When it comes to parenting, there are many decisions to be made about how you raise your child — from what they eat, to what they wear, to how they’re potty-trained, and what time they go to bed. Yet another popular hot topic on parenting discussion forums is co-sleeping, which is when parents sleep in the same bed as their children.
In This Morning host Josie Gibson’s case, the presenter is firmly in support of co-sleeping with her five-year-old son, Reggie-James. Speaking to OK! in an interview, Gibson revealed that she still sleeps in the same bed as Reggie. She joked: "I want him in there forever — he will be until he’s 18!"
To reduce the risk of sudden infant death syndrome (SIDS) the Lullaby Trust says the safest place for a baby to sleep is in their own clear, flat, separate sleep space, such as a cot or Moses basket.
However, as many parents find themselves co-sleeping whether they mean to or not, the charity has put together some advice for making their parents' bed a safer place for babies.
The National Childbirth Trust recommends that infants sleep in a cot or Moses basket in the same room as their parents in the first six months of their lives, and in 2014, the National Institute for Health and Care Excellence said it would extend its recommendation not to co-sleep with babies under one year old.
But for toddlers and older children, co-sleeping is slightly different. While there is no official guidance about co-sleeping with older children, experts such as Sarah Blunden, associate professor and Head of Paediatric Sleep Research at the CQUniversity Australia, have said there is "no problem" with doing so.
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What are the benefits of co-sleeping with children?
Ryan Lowe, child psychotherapist and spokesperson for the Association of Child Psychotherapists (ACP), says that working parents may feel the benefits of co-sleeping with their child the most.
"If you are working long hours every day then that really just leaves the night as a time to be together and it’s a really important and lovely time for parents and young children to be together even if it's while asleep," she says.
"Just as with small babies, toddlers regulate their breathing to match their sleeping parents. They also have lower cortisol and adrenaline levels when in light sleep and awake periods when they are in bed with carers.
"This keeps the child feeling safer with parents as well as lowering the amount that they wake in the night. Consistently raised cortisol and adrenaline levels are associated with a lot of childhood disorders and mental health issues so having this time of safety and recuperation is really important for children," Lowe explains.
What are the drawbacks of co-sleeping with children?
One of the biggest challenges parents might face is whether their child will "sleep happily in the time between their bedtime and the parents’ bedtime".
"This gives parents some space to themselves before co-sleeping, which is really important," Lowe adds.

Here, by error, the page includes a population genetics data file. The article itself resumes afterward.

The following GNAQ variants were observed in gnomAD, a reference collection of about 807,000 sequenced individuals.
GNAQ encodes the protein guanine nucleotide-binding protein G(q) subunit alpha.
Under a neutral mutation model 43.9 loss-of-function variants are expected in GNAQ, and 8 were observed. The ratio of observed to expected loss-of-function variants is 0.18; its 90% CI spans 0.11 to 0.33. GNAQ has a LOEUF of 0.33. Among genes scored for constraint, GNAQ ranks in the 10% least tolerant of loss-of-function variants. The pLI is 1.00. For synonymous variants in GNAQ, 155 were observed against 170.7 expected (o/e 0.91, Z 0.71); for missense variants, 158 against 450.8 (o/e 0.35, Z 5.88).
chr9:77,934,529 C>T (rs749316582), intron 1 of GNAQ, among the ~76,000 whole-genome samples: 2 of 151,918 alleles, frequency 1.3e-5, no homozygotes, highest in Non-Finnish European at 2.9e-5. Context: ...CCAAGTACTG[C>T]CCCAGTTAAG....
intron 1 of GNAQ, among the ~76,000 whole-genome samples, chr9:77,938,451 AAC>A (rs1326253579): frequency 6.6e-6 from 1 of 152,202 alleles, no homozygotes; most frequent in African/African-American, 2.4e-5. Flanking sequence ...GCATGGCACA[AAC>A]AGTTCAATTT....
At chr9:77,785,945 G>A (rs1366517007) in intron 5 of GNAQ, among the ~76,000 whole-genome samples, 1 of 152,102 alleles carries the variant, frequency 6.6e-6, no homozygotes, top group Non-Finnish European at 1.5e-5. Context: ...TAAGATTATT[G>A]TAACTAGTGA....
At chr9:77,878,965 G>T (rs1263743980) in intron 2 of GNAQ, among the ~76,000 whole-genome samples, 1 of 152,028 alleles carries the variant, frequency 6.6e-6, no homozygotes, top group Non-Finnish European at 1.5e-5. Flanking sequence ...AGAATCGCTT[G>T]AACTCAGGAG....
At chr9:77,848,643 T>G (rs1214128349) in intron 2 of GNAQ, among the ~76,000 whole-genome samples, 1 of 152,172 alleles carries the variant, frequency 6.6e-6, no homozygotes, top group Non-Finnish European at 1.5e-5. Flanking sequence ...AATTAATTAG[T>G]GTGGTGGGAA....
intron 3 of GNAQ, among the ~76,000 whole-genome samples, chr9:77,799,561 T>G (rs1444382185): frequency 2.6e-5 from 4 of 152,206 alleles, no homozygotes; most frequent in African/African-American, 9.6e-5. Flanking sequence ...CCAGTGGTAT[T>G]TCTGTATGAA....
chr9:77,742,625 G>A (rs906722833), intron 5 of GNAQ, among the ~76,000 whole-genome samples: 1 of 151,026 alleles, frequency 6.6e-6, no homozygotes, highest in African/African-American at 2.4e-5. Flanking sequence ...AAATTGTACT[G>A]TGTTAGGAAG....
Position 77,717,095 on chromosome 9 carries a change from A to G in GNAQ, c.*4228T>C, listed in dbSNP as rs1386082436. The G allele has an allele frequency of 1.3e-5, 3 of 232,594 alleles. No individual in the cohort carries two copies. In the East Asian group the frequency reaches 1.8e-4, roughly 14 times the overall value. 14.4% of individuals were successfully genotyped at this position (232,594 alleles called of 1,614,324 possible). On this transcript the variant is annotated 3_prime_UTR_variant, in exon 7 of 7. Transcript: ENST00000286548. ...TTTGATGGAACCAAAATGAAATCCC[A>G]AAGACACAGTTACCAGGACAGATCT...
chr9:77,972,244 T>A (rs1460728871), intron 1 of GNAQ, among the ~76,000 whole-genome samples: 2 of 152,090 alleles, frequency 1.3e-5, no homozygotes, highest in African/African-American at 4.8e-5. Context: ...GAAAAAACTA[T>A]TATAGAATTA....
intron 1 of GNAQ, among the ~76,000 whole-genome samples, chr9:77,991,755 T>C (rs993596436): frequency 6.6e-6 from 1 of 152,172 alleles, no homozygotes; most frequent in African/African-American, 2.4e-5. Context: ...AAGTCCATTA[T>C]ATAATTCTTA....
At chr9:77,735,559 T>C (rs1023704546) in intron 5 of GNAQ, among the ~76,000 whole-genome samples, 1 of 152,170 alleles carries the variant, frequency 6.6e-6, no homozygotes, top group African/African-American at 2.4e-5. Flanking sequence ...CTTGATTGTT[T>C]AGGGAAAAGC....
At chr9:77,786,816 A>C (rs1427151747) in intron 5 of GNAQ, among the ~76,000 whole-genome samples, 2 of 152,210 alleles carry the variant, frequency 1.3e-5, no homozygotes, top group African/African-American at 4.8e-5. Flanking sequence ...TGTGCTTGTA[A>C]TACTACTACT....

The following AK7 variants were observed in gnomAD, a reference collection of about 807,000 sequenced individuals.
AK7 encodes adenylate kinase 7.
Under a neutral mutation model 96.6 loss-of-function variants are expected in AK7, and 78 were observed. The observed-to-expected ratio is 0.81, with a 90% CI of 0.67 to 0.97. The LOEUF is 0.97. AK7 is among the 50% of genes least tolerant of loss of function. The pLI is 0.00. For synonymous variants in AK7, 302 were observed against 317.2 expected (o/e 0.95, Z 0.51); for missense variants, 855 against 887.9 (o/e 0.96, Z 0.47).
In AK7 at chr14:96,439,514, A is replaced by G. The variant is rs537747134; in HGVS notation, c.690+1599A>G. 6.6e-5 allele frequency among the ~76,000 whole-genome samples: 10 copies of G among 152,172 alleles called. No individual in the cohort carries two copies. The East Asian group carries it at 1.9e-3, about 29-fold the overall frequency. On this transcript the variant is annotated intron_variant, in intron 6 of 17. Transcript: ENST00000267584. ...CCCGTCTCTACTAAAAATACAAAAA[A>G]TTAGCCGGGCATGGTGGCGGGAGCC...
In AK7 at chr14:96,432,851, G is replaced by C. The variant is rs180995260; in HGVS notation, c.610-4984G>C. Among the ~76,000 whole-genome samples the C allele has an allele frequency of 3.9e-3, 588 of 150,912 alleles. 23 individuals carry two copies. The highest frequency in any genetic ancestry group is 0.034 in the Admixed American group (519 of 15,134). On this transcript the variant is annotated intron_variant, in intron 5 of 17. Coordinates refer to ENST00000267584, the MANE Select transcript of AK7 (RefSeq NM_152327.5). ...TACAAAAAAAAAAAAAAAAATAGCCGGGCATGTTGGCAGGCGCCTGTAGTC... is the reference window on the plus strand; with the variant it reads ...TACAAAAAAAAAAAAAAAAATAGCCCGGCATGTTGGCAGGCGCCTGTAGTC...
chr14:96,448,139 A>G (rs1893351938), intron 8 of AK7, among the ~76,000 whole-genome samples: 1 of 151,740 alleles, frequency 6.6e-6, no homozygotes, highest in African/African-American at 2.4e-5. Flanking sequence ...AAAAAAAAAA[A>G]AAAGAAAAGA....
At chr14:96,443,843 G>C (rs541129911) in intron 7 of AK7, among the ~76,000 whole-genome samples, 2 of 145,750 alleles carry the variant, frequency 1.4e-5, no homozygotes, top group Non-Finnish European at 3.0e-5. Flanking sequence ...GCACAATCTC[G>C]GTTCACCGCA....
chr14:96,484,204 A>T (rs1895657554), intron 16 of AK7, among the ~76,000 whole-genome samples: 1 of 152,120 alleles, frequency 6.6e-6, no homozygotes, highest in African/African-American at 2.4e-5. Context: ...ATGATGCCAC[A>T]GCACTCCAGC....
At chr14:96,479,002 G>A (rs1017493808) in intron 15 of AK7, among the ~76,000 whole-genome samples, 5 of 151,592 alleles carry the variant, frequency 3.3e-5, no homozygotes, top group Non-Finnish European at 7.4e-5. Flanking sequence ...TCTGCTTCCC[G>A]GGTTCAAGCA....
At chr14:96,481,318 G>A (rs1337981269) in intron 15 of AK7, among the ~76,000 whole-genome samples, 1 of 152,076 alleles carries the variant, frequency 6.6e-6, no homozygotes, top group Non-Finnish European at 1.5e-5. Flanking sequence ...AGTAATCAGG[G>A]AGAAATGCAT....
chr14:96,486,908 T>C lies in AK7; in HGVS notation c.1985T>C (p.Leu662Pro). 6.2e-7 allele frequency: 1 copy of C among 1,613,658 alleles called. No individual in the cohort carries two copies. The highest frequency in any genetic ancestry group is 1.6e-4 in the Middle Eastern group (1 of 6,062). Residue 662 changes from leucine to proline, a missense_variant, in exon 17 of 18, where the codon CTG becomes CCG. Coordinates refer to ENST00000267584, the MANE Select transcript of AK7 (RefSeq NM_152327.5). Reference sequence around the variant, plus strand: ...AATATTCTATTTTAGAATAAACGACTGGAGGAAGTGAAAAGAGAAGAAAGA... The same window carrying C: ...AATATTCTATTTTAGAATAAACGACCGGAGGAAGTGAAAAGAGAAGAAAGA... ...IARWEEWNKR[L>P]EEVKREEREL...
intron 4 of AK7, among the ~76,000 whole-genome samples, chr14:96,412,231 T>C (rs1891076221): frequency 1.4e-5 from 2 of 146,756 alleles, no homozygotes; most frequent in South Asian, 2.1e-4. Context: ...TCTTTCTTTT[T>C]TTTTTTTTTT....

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"And, if one parent disagrees, then there will be obvious tensions between the parents that will need to be resolved in a way that both parents are happy with."
She continues: "It could be useful to have an open discussion between parents about the needs of everyone in the family and make sure that there is a balance that incorporates everyone's basic needs as well as some of their wants."
Is there a certain age where parents should stop co-sleeping with their children?
There is no hard and fast rule over what age children have to be before they stop co-sleeping with their parents. In some cultures, co-sleeping is a normal practice. Lowe recalls a client from Burma explaining to her that in their native home, the bedroom is "one long room that everyone slept in together".
"Every time a new baby was born, [the client's family] added a new mattress to the room, all the older children moved over one space and the baby moved in next to her," she explains.
Lowe advises that whatever choice parents make should try to meet the needs of all family members. However, this should be discussed if it becomes a situation where the needs of one or more family members gets sacrificed, or if the reason for co-sleeping is unhealthy.
"I think it’s a situation which needs to be carefully and honestly assessed between parents, but possibly enlisting the help of thoughtful friends and family to make sure that all angles have been thought about and it is still the right thing to do at any given age."
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How can parents deal with the transition?
Whether it's the child who doesn’t want to co-sleep anymore, or the parent who makes the decision, this transition period can be difficult.
"Parenting is a long series of managing many difficult feelings of loss, hurt, abandonment, frustration, anger, stress," Lowe explains. "It is important that we do the necessary work on ourselves to manage these feelings in a healthy way — both on our behalf, but also so that we can model this for our children and help them learn how to manage these feelings too."
It is understandable that some parents may feel hurt or loss if their children decide they want to sleep on their own. But Lowe says that, as long as it is "thought through and done at a time that feels healthy, then you can also rejoice in a job well done".
"You have successfully grown a confident, stable, happy, independent child who is making the healthy decision to grow in independence," she reassures parents. "In this current climate, that is an enormous achievement."